And eventually you probably will be able to get that little pop up. But if you click on a bracelet that I’m wearing about dolmades again, is that a little video of Jill, my pop up? But right now, that face to face, look, feel, touch what we’re all about.

Yeah, I mean, it’s funny that you brought that up because, I mean, I would think in a great environment for you guys right now in the space from a marketing standpoint would probably be Instagram, because this program has that feature that you’re talking about that I can see a product, I can see a visual, and I just hover over it and I’m clicking by now. I think you’ve got enough product that you can kind of just have somebody circle that product through there and reaching out to influencers in that space.

You could become the influencer in that space pretty quickly overnight just because of your passion behind what you’re doing on a day to day basis. I don’t think there’s anybody else in the market is doing what you’re doing.

So I just met somebody and in a whole different field. And I grew up with and he was asking me, should I hire you with this? And then hiring, start with a little budget. Do it yourself on Instagram, on Facebook, you know what you can target and how you can get your what you’re trying to express out there today. It is fascinating. This is starting when we started twenty seven years ago, we were doing newsprint articles every week.

We were in creative like, say, Southern boys, all these different publications. We have rotating ads. They were somewhat segmented, but nothing like we can segment today with social media. And it blows my mind and it’s fun. And you can test things out. We’ll be to trying to put up two items and be like, hey, we can’t decide between these two. Which way do you like it? You like it? Would you like it?

Would it immediately? We’re getting customer feedback on what’s on that. Also helps in the buying.

I mean, I call it organic AB testing. I mean, is nothing else better than that because you’re getting direct results instantly and then you can kind of modify and change it based upon what the users want. So I guess the final words of wisdom and what is something that you can give to an entrepreneur that potentially sees this podcast? Here’s your vision. Here’s your dream. See that you’re living it. What would you give to them?

I think a couple of them. Some of the advice that I got was, if any way you can figure it out, don’t take a bank, Glenn, to do what you want to do, because then you’re working for the bank. And that’s very stressful, especially if you’re living to a time like this where all your best plans in the world might have changed. There’s individuals out there who, if your idea is good enough, they’re going to believe in you and they will want to invest in your idea.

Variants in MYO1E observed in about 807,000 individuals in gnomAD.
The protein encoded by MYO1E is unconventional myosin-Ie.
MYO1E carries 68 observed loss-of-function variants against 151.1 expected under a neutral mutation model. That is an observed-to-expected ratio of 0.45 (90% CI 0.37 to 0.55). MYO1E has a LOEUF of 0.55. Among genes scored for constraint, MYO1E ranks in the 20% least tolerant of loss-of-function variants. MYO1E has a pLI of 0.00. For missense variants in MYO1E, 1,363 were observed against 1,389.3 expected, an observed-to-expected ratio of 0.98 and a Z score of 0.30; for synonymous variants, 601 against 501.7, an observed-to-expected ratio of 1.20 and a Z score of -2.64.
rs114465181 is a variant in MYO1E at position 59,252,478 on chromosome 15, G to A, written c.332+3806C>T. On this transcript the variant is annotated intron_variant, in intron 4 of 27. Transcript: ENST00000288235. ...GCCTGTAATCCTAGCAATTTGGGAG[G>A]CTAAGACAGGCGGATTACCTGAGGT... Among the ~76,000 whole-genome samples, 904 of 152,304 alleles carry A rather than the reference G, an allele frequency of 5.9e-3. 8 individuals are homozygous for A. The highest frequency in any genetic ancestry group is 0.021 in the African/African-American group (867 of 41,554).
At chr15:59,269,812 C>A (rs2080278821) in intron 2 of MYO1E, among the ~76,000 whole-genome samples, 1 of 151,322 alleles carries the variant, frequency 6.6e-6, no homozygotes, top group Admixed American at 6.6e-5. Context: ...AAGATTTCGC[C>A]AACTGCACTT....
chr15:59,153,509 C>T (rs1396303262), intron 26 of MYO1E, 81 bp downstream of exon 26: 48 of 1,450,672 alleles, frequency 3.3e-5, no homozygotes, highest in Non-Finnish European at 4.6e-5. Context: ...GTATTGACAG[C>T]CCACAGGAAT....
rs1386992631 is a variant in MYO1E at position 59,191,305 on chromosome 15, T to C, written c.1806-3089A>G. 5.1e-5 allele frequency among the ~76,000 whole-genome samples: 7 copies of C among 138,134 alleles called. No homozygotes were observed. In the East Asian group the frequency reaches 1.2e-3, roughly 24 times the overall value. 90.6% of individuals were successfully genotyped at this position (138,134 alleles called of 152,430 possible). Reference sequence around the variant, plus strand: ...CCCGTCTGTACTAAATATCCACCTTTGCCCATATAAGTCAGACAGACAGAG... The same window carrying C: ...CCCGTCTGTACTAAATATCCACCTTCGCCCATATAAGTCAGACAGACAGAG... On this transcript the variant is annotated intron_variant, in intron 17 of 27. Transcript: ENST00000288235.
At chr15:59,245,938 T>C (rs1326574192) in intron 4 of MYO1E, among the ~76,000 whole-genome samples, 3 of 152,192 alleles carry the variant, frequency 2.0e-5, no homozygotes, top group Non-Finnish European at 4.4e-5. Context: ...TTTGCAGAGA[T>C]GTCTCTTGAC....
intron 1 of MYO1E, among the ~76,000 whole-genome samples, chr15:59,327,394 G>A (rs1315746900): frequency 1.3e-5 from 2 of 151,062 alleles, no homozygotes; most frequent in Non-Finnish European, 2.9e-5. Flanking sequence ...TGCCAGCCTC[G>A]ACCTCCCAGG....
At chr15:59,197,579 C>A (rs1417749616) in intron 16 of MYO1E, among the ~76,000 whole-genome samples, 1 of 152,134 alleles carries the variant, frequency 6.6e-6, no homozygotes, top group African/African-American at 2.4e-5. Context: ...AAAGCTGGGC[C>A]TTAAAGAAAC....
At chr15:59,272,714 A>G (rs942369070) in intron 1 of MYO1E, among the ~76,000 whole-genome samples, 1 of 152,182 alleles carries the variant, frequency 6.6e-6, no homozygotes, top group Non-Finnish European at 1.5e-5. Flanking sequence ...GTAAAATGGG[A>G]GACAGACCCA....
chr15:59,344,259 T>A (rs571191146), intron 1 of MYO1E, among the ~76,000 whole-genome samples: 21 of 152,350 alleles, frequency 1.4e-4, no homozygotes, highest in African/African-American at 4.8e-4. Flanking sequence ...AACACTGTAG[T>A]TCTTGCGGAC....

It might take a lot of dollars to knock on to find those right people. That’s the right deal. We were fortunate and we had put everything we had into it, certainly, but we had some great investors who believed in what we were doing that we were able to buy out with time, because that’s the way we set it up and they helped us get it started. But we also knew that, God forbid, if something went wrong or our projections were off, nobody’s going to take anything from us and it’s going to be rain.

So I think that was important. I think also just because your current job situation, mine may not be ideal, that doesn’t mean working for yourself is going to be any better if you can’t make it through the day to see the good things that you have in the job or in your current situation, it’s probably a lot different working. Yourself, but you’re not going to have anybody else to blame at that point right now, you can point some other fingers.

You need to figure that out first. But I think so many people go into business for themselves. I think it’s easier. It’s not. You can testify to that. It’s not less work hours. All of those things as far as gratifying, nothing more gratifying because you did it as far as stress. I mean, when I manage to store for other people, to me that was more stressful, even though this is eat or not eat, because I’m not getting paid unless my business is successful, it’s not as stressful because I only have to prove myself to me.

I’d certainly have to to my crew and to our customers. But if I mess up. I messed myself up and I’m going to learn and not do it again, where when you’re working for somebody else, you’re trying to please them. And if you mess up, hopefully you’re going to feel bad that you messed up and that cost them something. And I think that’s a big difference to just knowing that ultimately it’s all going to fall on you at this point, even if in your current job you felt like it did.

There’s nothing like it. And nobody’s ever going to understand all that you do Mondays today. You were nice enough to do this with me on a Monday. It’s a day I don’t go into the store. I work at home because all I do is book work all day. But I have the flexibility to do that. That’s great. I could take a break and get to talk to you. And we got to talk about the scenery behind you before we jump off of this, but see some great scenery behind you because I have that flexibility where working for somebody else, I might not have that.